Generally, it’s best to round up slightly when you purchase the concrete. Most experts recommend adding at least 10 percent. That ensures you don’t accidentally run short if your calculations were slightly off. It gives you enough concrete to account for variances in the ground, as you’re not dealing with an entirely flat surface. Plus, spillage can happen, so having the extra ensures that it won’t derail your project.
While you can certainly do the math yourself, you can also take advantage of a concrete calculator to figure out how much concrete you need for your project. The concrete calculator works for slabs and other shapes, like columns, stairs, and more.
Generally, you begin by inputting specific measurements. For a slab, you’ll need to input the desired length, width, and depth. For columns, you’ll put in the diameter and depth.
Once you add the measurements, make sure the desired quantity is correct. Then, you can hit calculate, and you’ll get the results.
Within the results, you’ll usually see the total cubic feet of concrete required for your project and the total cubic yards. It may also include a weight estimate and the total number of bags you’d need to purchase if you buy bags instead of in bulk.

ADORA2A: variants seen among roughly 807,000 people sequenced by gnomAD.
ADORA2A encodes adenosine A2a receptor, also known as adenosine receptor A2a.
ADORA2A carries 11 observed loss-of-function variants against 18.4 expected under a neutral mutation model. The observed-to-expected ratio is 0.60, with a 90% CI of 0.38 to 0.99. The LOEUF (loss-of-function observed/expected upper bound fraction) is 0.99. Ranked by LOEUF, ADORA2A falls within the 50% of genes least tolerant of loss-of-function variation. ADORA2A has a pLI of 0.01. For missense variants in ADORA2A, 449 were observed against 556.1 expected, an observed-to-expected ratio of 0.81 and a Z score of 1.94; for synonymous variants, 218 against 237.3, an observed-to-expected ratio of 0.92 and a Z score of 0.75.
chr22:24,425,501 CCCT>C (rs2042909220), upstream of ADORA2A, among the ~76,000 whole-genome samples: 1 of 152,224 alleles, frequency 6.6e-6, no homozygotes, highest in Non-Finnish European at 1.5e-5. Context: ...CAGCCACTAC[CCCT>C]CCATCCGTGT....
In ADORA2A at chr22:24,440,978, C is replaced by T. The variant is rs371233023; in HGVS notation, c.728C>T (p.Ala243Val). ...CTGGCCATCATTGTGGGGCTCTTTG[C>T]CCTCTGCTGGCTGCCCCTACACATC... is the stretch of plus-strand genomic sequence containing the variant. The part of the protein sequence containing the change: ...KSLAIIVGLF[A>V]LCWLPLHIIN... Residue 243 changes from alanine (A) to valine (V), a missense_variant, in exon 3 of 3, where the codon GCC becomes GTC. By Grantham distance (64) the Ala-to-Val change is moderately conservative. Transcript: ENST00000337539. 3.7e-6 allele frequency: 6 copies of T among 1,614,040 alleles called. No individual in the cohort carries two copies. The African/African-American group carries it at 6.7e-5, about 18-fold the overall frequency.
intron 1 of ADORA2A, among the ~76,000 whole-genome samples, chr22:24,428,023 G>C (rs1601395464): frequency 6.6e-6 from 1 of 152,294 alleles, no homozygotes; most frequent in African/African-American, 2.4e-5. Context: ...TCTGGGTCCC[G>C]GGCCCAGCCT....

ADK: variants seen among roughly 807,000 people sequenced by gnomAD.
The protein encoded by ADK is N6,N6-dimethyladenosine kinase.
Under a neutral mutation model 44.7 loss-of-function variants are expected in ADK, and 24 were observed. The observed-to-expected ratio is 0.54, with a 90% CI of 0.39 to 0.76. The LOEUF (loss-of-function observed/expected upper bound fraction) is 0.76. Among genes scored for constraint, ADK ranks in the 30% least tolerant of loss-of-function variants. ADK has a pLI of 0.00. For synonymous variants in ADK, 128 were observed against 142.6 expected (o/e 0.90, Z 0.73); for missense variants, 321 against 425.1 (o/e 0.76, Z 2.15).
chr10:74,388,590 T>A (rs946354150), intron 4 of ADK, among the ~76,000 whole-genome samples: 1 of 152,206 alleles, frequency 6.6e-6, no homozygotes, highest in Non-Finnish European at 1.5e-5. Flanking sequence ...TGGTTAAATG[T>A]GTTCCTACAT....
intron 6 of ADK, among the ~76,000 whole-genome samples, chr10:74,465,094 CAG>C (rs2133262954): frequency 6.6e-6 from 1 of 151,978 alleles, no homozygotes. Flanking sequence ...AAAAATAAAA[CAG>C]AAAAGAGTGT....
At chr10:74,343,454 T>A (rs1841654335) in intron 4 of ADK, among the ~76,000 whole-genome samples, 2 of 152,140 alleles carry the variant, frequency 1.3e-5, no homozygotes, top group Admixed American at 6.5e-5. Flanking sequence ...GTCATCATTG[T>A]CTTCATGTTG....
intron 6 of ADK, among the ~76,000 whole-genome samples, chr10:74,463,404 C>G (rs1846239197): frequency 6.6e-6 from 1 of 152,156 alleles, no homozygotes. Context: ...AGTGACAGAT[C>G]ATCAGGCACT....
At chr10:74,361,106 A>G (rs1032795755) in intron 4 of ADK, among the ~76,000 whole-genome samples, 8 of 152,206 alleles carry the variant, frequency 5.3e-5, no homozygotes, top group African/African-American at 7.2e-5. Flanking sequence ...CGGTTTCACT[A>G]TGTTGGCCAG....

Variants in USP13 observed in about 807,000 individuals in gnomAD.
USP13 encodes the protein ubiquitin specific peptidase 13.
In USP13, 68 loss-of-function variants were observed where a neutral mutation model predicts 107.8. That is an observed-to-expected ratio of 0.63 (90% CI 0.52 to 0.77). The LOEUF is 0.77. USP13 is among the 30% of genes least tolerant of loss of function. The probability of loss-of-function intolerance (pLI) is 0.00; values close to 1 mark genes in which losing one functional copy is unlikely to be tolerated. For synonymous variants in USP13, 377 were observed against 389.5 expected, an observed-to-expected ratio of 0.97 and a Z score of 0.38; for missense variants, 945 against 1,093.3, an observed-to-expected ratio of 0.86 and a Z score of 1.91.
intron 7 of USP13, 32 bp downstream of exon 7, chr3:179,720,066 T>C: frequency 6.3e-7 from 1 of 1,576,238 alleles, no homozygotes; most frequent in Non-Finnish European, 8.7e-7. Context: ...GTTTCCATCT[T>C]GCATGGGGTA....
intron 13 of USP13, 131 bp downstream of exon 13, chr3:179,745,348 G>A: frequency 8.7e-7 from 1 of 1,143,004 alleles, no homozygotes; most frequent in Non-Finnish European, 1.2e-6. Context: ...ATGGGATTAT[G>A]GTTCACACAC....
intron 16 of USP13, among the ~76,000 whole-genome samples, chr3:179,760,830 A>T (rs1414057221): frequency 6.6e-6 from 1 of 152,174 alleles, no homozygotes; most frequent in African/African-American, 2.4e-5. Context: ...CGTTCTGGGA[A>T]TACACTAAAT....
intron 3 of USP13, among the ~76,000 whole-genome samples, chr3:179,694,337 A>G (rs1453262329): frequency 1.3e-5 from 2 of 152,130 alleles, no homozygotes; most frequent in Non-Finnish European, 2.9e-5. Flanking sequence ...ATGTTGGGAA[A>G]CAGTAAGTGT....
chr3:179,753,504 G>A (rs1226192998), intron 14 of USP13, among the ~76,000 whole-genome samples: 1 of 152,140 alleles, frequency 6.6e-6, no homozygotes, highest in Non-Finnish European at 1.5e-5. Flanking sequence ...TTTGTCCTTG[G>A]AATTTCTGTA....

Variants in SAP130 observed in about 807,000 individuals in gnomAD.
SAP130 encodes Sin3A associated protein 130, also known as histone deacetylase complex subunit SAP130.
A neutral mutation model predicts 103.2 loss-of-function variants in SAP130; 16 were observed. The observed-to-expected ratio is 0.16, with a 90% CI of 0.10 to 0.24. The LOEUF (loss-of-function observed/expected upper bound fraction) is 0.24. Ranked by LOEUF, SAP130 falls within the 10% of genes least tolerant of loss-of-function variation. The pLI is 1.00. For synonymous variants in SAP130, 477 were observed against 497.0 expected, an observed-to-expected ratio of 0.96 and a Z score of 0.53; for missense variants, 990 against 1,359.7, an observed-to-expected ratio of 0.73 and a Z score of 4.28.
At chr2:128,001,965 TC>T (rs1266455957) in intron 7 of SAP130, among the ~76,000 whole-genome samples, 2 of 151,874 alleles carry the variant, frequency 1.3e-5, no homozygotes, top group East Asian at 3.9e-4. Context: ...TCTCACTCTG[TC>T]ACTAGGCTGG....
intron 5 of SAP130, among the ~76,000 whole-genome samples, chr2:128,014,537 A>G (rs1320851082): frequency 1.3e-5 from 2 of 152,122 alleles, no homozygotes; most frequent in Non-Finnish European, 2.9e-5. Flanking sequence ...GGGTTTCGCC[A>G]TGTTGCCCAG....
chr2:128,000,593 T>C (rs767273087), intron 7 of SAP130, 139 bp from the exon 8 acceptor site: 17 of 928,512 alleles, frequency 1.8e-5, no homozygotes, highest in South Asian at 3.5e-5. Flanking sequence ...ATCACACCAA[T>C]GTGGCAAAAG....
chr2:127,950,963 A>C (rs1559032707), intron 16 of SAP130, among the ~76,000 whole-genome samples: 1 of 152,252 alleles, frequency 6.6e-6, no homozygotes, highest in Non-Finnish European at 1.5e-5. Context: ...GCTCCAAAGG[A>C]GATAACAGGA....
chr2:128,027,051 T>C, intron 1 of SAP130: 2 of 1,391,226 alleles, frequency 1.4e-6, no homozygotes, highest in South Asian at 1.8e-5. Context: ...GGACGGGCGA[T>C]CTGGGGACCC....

As mentioned above, it’s usually best to round up before making a purchase. Adding approximately 10 percent to the resulting total is typically a safe bet, ensuring you have enough concrete to cover a margin of error.
Generally, a yard of concrete weighs between 3,600 and 4,050 pounds or 1.8 and 2 tons, with wet concrete weighing more than dry. Additionally, by multiplying the length and width (in feet) of the area you’re covering, multiplying that figure by the desired pouring depth (in feet), and dividing the result by 27, you can estimate the total number of yards required for your project. Then, you’ll have an easier time determining how many bags of concrete you’ll need or how large of a cement truck is required to move your concrete safely.